I researched using tires to do an earth berm some what in ground green house.  My thinking was using big scraper tires.   Big solid wall fast was the thinking.  What I learned looking looking at the research on tires was that small quantities of tires don't seem to be a problem for growing stuff.  Most of what comes off the tires is VOCs and zinc.  The zinc in trace levels is actually good for the plants.  And the VOC's some plants actually metabolize along with other life forms.  And in a green house that is heavily ventilated anyway they should be safe.  I gave up on the idea though because public opinion has tires as totally toxic.  So therefore any produce from such a green house would be toxic was the public feeling in nearly everyone I talked to.  In this case perception is truth no matter what the science says.  I did find one funny thing in all of this.  One of the guys I talked to was totally against tires in a greenhouse but turned right around and wanted to build a tire wall earthship home.
5 months ago
I have been researching for about 3 years on this.

Here is what looks to me like the best idea for earth banking heat.

self heating green house

Now a possible way to pull the heat down into the ground would be a solar collector used to generate air flow instead of heat.  The window screen box collectors seem to be winning the efficiency here.  The blower fan can still go on the inlet end but the system would then do something even without electricity.  Especially useful for getting a bit of annualized geothermal in the summer season.

Now some other things to add to your thinking.

Why are the trees at floor level?  If you go deeper with them then you have more height to work with inside the building.  So if your floor isn't level and you build some raised walk ways the base of the tree can be deeper still letting you have more height to work with.  You still need proper air flow to the roots  so you can't completely cover it but would pallets holding compost heating 6 inches up off the lower ground let you mostly surround the tree with compost heating?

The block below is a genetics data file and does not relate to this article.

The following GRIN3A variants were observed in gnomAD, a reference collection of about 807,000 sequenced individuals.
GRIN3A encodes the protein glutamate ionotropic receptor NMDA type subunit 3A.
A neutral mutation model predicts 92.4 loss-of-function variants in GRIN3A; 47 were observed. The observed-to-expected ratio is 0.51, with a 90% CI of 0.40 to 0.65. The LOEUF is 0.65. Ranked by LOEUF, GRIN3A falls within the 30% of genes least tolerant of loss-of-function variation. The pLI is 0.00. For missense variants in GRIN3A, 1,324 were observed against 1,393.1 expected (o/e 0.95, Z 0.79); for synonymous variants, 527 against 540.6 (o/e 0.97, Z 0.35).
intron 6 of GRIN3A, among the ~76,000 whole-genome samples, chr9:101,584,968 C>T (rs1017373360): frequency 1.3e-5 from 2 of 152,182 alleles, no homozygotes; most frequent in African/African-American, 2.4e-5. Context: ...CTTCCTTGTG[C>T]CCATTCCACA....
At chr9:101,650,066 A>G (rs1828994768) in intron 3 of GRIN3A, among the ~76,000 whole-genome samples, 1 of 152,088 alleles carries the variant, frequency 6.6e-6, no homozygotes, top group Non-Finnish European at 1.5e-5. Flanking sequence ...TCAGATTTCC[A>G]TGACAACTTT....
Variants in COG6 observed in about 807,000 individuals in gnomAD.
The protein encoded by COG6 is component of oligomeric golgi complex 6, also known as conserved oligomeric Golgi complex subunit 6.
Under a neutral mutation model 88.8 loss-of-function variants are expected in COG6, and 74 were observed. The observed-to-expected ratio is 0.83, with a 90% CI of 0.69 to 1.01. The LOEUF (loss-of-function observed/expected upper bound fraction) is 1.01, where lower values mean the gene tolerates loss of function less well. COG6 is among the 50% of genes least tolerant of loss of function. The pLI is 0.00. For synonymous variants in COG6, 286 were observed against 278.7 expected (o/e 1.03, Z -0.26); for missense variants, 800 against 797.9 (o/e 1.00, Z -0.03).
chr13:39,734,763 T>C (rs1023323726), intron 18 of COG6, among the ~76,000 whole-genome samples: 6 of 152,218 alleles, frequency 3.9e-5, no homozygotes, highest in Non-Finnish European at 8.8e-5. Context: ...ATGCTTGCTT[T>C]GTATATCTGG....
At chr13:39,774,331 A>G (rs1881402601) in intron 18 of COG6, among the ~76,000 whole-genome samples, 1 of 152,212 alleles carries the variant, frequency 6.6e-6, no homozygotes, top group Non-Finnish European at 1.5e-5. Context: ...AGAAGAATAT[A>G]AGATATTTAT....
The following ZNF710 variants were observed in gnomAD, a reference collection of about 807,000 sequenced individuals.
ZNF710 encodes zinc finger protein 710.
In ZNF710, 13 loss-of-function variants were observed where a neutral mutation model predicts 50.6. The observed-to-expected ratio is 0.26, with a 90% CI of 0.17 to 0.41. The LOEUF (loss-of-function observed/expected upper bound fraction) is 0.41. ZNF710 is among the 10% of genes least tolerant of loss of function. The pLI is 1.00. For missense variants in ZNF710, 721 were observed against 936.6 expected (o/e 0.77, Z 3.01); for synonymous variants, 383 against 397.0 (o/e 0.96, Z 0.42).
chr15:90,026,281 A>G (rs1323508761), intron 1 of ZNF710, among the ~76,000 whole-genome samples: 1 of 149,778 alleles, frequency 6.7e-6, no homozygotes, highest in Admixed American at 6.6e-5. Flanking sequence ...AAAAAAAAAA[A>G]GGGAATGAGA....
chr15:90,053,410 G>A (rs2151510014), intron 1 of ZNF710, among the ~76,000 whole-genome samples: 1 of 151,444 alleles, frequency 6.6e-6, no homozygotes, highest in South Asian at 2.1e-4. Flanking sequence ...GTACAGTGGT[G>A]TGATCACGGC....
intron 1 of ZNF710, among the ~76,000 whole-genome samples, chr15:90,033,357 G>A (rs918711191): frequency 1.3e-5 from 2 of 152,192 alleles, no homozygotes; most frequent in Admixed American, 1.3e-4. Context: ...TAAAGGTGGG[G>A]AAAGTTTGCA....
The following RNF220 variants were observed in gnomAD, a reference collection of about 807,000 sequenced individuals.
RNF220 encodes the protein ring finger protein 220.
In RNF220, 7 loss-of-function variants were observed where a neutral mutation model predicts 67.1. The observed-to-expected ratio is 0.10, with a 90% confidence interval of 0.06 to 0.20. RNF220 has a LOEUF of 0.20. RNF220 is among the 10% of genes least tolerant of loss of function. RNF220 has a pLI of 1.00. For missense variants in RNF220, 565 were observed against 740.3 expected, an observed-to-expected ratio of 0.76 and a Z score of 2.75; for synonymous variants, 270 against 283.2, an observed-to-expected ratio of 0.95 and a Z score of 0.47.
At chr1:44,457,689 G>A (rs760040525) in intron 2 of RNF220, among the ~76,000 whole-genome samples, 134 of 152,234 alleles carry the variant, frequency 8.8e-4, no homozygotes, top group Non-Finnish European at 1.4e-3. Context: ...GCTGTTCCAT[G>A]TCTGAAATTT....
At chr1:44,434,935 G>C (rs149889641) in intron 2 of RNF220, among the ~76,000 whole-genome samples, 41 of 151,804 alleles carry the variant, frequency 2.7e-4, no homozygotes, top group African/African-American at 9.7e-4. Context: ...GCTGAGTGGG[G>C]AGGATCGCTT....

The walls outside.  Many of the do it cheap green houses uses straw or hay bales around the perimeter outside as ground insulation.  It will add to your snow removal problems and but might be worth considering.

As for being able to do tropical plants are you also looking at doing greenhouses within greenhouses?  One of the commonly given rules of thumb is that you get roughly 1 zone for each greenhouse layer.  You might be able to surround your banana with water barrels on the back side and put it in its own green house.  For my thinking since the goal is earth banking I need to pull that air down somewhere so If I am pulling the hottest air in the greenhouse down inside a separate greenhouse I may be able to create a hotter climate still without losing much during the day and by getting the water storage warmer carry some of that heat through the night as well.  If you are constantly during the day flowing the hottest air in the building down past the barrels stratification wouldn't matter as much.  For night time use a simple waste gate that allows the airflow to bypass the inner green house would let you keep that heat in the inner green house.

What are you doing for summer ventilation if what you have shown isn't enough?  The worst case rule of thumb for natural ventilation says it needs to be 1/3 of the square footage of the green house.  It seems to vary between that and saying you need 20%(10 in 10 out).

Have you looked at maybe building a ridged foam board multifold door to cover the glazing inside? 

How are you using your other paths in the building.  Some of the stuff suggest doing vermiculture under them.

5 months ago
First off lets start with the creek.  I assume it is the blue line across the corner.  If so it should have at least a 20ft wide on either side of it riparian zone that that is fenced off and isn't grazed or a least isn't grazed very often.(there is some argument against never grazing it)  By the time you do that there isn't much of that corner left for grazing.  The bridge or pipe over the creek to let that corner be grazed without allowing the animals access to the stream is probably more work than it is worth.  So likely that whole corner of the property should be fenced out of your grazing plan and planted into an orchard or trees.